In 1844 he established himself as a conductor and composer against his father’s will, but with the support of his mother, thereby becoming his father’s rival. After the death of his father, Strauss stepped into the role of successor and musical heir. Johann Strauss composed and played himself into the hearts of the Viennese with energy and tireless dedication.
For every special occasion, whether a ball or festivities staged by prestigious companies, or an event of topical interest, Strauss created a special piece which delighted the ear and was hummed by an adoring public. But Strauss’ music did not bewitch the Viennese alone. He undertook concert tours to heighten the fame of his ensemble by means of the press reports of his success that would reach the Austrian capital from abroad. During several summers Strauss made guest appearances in the Russian town of Pavlovsk near St. Petersburg. He also went on a major concert tour through the United States. Strauss cultivated friendships with the ”serious” musicians of his day, some of whom held him in high regard.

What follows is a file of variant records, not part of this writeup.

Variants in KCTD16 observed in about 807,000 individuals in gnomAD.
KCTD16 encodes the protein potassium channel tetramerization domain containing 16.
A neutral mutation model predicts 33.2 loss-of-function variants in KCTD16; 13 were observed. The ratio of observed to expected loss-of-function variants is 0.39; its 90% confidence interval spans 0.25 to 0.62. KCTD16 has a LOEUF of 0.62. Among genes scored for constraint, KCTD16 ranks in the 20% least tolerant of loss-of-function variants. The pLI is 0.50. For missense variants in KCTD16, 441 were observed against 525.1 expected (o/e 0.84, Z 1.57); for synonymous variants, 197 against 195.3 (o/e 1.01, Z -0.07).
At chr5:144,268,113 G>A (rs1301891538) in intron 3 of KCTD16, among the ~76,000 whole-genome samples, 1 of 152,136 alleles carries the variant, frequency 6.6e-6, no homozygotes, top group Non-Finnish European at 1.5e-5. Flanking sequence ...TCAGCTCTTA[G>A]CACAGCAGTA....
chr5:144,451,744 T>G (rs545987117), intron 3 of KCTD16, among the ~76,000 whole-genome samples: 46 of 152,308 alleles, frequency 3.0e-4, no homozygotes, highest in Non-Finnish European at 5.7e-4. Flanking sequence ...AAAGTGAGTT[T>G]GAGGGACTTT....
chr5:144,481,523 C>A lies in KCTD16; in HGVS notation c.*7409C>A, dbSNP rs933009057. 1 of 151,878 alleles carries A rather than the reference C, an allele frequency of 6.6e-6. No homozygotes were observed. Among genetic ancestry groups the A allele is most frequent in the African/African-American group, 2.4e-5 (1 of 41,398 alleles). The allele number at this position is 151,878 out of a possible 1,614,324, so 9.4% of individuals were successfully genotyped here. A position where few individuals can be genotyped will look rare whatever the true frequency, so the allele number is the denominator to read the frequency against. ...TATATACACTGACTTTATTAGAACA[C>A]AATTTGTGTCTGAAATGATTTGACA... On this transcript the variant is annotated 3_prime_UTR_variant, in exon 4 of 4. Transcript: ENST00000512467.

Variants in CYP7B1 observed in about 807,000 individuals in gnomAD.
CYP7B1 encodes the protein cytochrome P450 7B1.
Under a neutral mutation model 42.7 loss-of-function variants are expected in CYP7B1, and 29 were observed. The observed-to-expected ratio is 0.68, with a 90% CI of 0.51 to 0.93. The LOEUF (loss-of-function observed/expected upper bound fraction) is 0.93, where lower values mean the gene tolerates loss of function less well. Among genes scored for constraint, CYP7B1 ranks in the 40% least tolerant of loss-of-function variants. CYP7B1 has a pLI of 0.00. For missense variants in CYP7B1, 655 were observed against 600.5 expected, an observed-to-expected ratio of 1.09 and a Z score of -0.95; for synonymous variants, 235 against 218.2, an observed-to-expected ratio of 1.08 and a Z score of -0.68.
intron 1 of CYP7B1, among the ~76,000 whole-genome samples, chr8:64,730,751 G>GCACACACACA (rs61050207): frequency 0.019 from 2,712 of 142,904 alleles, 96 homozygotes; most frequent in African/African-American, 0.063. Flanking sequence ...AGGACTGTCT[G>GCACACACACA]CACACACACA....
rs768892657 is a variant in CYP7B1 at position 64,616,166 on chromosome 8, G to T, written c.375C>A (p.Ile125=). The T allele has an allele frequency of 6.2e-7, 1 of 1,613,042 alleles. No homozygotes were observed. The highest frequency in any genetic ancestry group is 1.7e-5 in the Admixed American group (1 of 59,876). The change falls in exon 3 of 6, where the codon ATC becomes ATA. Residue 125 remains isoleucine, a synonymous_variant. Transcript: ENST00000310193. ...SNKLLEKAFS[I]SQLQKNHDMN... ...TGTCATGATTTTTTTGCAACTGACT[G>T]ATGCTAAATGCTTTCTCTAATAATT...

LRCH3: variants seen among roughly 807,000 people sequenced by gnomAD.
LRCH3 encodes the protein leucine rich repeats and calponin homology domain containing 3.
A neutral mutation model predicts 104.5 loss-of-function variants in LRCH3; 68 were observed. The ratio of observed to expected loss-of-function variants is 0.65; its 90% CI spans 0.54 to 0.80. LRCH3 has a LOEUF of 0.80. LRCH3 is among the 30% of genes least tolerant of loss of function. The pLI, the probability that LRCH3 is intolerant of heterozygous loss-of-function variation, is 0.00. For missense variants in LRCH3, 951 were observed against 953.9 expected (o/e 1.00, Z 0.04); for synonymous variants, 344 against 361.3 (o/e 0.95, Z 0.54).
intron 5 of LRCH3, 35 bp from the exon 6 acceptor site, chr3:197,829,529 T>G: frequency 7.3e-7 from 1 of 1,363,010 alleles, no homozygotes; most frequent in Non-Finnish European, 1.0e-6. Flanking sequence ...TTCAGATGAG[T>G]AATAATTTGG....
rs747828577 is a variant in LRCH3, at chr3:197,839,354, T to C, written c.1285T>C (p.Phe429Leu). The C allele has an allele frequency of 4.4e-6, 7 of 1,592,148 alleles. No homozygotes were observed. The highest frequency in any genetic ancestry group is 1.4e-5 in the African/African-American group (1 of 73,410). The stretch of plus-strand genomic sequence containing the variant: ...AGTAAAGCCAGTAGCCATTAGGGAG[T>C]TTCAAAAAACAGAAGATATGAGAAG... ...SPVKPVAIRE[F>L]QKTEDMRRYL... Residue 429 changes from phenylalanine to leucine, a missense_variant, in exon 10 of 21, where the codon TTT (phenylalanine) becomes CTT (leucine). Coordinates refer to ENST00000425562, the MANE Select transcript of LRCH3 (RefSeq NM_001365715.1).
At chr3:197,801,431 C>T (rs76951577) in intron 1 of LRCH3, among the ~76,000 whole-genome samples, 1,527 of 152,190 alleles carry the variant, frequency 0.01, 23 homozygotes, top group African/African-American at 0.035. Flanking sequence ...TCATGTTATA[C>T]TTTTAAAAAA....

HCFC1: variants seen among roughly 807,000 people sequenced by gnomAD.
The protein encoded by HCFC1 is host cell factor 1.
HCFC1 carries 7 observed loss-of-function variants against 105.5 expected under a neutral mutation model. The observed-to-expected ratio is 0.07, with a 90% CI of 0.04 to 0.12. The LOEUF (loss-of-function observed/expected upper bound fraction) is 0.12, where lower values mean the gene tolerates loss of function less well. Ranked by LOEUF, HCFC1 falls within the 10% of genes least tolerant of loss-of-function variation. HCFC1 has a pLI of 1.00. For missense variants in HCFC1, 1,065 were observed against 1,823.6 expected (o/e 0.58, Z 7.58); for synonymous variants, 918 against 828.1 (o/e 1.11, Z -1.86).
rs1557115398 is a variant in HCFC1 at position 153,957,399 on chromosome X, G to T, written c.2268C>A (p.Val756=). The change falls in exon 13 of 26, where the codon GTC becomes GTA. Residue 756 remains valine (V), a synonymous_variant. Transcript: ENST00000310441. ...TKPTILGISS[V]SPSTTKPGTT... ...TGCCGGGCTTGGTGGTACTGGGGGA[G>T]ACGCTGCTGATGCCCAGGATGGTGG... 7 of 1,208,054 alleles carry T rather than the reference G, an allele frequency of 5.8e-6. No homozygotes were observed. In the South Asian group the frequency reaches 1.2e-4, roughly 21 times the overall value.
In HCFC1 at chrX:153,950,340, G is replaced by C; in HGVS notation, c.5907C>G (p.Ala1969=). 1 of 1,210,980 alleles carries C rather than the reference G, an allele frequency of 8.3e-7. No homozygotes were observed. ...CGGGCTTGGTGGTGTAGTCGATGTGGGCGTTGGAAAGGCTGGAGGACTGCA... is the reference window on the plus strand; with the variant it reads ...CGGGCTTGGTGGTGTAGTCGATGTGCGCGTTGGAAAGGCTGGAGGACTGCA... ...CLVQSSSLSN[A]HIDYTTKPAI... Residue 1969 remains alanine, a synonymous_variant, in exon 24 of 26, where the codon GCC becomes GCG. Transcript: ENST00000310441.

The repertory of the Strauss orchestra included not only light music, but also works by Wagner and other opera composers. Strauss, who frequently turned over the conductor’s baton to his brothers, Josef and Eduard, composed a number of operettas which achieved great popularity, for example Die Fledermaus, A Night in Venice and The Gypsy Baron. His waltzes continue to resound through ballrooms all over the world to this day, and with the ”Blue Danube” waltz he created what is Austria’s unofficial national anthem. Johann Strauss, the ”Waltz King”, died in Vienna on June 3, 1899.